(6) Indian vitreous is remarkably peaceful. Much more often than in our countries, the eye at the end of the operation is soft and the cornea concave. Handling, considered imprudent here, can be done in India without any undue risk, especially the grasping with the forceps of capsular remnants under direct control of the vision after folding of the cornea. Hyaloid is concave, and the vitreous does not even attempt to escape. The relative youth of the patient is much important on this point of view, because it is a solid and not degenerated or lique­fied vitreous that the Surgeon will meet.

Finally we must admit that the skill of the general Indian Ophthalmic Surgeon is superior to the one of his European colleague. We have not to be astonished that a manoeuver repeated many times every day, takes on a beauty, a safety, a confidence, a precision, that otherwise made once a week cannot acquire. I was told there was in India an Ophthalmologist having performed more than 1oo,ooo cataracts. The very simplified technique would just take one minute for the opera­tion. On the other hand I think the Western surgeon less decided but more care­ful and may be conscious of the real gravity of the operation. However, one must not forget the extreme pressure at which the surgeons have to work, and to a Westerner what may appear a short-cut or an omission is dictated by the circum­stances under which he has to work.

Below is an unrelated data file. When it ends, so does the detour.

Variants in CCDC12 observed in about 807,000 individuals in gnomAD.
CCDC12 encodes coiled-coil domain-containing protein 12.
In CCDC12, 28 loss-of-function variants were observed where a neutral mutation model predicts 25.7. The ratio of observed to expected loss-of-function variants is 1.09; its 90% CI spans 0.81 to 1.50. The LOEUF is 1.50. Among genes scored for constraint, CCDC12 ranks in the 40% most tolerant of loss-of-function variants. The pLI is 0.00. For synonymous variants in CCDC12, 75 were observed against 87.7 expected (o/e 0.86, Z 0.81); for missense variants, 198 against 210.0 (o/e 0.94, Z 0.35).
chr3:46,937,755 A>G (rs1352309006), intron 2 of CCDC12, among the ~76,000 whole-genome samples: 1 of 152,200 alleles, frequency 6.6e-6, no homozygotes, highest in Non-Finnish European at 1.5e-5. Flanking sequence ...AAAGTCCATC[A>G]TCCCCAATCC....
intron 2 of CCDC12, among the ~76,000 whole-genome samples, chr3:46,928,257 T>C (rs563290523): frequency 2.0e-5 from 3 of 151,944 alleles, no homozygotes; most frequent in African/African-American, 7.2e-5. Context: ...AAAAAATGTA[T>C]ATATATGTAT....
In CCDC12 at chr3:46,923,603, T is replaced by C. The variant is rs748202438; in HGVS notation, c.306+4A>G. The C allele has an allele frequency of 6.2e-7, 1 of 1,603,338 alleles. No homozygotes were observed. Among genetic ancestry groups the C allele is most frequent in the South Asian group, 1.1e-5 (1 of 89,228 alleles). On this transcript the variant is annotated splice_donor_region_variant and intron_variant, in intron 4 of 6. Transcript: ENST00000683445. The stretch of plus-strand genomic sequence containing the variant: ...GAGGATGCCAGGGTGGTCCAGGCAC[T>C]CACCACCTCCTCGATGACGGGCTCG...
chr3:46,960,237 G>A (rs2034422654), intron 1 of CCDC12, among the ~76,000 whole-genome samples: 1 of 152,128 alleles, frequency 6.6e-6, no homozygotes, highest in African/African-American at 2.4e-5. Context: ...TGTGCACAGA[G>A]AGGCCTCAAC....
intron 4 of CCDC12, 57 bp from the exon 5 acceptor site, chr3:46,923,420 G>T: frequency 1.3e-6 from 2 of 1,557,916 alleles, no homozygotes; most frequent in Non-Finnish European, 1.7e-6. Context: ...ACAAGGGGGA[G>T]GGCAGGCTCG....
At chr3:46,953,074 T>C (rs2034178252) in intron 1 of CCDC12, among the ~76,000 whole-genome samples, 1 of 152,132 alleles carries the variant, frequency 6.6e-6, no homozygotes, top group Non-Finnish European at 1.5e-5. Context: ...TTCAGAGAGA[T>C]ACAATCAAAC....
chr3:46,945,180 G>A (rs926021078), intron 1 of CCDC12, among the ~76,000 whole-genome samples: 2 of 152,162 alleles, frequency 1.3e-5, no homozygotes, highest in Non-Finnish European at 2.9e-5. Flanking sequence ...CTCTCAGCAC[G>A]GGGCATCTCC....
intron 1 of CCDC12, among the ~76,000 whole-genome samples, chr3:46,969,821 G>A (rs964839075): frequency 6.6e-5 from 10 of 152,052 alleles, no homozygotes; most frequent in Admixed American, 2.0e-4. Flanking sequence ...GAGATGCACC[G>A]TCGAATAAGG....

From a general point of view, according to statistics, results are the same in India and Europe.


It is unfortunately absolute glaucoma which is to be seen in India. Used to sufferance having not our fear for blindness and its consequences, thinking wrongly that a cataract is necessarily senile or essential, and can be operated only in cold season, the Indian waits, half in ignorance half in helplessness. Chronic simple glaucomas are also very frequent. This frequency of glaucoma in India is indeed a surprise and a subject to be pondered over if we have to admit that the psycho­pathologic characteristics so often found in our patients having glaucoma, have a play in the etiology of glaucoma and if we recognise that such characterstics are rare in Indian peasants so often full of patience, resignation, sweetness and gentle­ness and yet as often glaucomatous.